Did you have a role model that influenced your decision to work in science?
I had a wonderful English teacher in high school who introduced me to sci-fi. In one of the books she recommended to me (“The Sparrow” by Mary Doria Russell) the main woman is a biological anthropologist, and while looking for that book I also found Carl Sagan’s “Contact” about a woman astronomer. That’s the first women as scientists I was exposed to and not long after that, I chose a science major for my university courses. The same English teacher also advised me to just “read widely” and it’s turned out to be the best advice I ever received.
How did you choose your field of study?
I didn’t choose it so much as make my way there eventually. My undergrad started out in genetics which I quickly learned was not for me, but psychology was. Our psychology department had a neuroscience/behaviour/pharmacology lab and I did a project there during Honours. The combination of biology with psychology hooked me. My first piece of research was related to brain circuits damaged during a neurological disorder called Wernicke-Korsakoff’s syndrome. When I started my Master’s, there was the opportunity to shift closer to research on Alzheimer’s disease, which my grandfather had and so had a personal interest aspect to it. Alzheimer’s disease doesn’t have any magnificent treatment options available at the moment, and my research allowed me to push pre-clinical work in that area forward an ever so tiny amount. Throughout grad school, I also had the chance to teach statistics courses for psychology, which has given me a bit of data-specialisation, and I want to use this more now that studying is finished.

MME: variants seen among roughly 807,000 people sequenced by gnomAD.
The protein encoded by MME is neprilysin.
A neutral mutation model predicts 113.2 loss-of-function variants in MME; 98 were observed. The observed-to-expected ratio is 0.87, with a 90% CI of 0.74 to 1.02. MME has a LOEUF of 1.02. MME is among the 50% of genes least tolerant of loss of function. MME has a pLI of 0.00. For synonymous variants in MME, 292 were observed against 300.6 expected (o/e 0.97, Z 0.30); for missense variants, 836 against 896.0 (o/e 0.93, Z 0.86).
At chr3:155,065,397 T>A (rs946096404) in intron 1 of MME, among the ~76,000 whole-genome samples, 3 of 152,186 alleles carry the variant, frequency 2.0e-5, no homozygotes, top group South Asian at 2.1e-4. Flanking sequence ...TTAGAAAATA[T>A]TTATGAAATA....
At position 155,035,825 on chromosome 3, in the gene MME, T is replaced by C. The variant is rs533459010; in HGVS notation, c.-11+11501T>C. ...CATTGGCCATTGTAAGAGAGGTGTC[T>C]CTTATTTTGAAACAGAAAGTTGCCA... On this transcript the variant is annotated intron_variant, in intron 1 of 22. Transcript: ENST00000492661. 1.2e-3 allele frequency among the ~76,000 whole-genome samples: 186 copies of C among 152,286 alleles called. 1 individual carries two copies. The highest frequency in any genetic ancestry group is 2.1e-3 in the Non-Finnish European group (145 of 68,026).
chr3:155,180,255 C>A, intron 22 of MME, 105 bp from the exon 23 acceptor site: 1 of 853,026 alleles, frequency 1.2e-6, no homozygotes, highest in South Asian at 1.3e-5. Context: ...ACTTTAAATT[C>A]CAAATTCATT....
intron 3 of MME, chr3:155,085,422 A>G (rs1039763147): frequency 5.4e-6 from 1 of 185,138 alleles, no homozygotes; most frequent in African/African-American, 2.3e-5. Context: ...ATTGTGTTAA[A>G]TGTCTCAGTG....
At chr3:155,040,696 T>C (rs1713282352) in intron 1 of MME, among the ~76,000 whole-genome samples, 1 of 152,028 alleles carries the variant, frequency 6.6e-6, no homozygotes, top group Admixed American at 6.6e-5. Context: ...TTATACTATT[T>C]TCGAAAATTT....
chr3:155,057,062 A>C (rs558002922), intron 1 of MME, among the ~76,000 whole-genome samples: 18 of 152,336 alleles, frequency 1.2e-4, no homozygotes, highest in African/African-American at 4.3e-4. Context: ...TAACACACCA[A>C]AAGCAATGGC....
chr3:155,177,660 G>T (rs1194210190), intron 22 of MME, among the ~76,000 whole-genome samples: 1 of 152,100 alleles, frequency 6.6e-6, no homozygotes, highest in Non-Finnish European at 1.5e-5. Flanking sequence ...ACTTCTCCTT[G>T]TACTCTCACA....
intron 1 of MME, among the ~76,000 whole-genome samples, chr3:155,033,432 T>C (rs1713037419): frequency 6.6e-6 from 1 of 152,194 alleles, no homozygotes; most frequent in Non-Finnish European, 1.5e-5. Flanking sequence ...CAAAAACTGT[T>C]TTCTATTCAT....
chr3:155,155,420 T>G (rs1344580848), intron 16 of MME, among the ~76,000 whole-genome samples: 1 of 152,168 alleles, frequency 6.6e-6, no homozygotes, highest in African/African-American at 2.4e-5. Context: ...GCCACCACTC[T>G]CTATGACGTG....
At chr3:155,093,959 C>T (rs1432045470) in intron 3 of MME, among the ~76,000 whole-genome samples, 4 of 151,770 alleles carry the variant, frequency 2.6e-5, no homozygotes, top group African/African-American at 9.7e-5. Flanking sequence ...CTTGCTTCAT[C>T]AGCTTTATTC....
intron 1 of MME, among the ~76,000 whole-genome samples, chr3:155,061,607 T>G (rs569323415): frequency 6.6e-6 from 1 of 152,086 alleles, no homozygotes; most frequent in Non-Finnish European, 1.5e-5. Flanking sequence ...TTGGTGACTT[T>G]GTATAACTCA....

What are the hardest parts related to this work?
Definitely the lab work in our field! Pre-clinical means I use rodent models of memory. Rats don’t understand 5 pm, or weekends, or public holidays, or illness. Once you’re up and running, you are in the lab testing for long days, sometimes weeks at a time. It’s like an endurance sport. On the plus side, this makes it super satisfying when you finish an experiment and get a few days off!
Did you ever doubt your abilities as a scientist? Why? How did you handle these situations/feelings?
Only all the time! One of the skills you use as a scientist is doubt, skepticism, disbelief until shown otherwise by data. Unfortunately, that can bleed over into doubting your own skills, or whether your work really shows what you think it does. I keep little things around my desk like positive feedback points from my supervisors and thank yous from students to remind me I’m doing OK when I feel like I’m not.
During your career, have you been specifically mentored or supported by someone?
I’ve been lucky to find myself surrounded by many supportive people, at all different career stages, and across different academic fields. About half way through my Ph.D. at a networking event, @VicMetcalf_NZ suggested to all young scientists that they be on twitter. I took her advice and then continued to ask for it and she has been a wonderful mentor to me in navigating the transition from Ph.D. candidate to independent researcher.
What is the funniest or most memorable thing that has happened to you while working in science?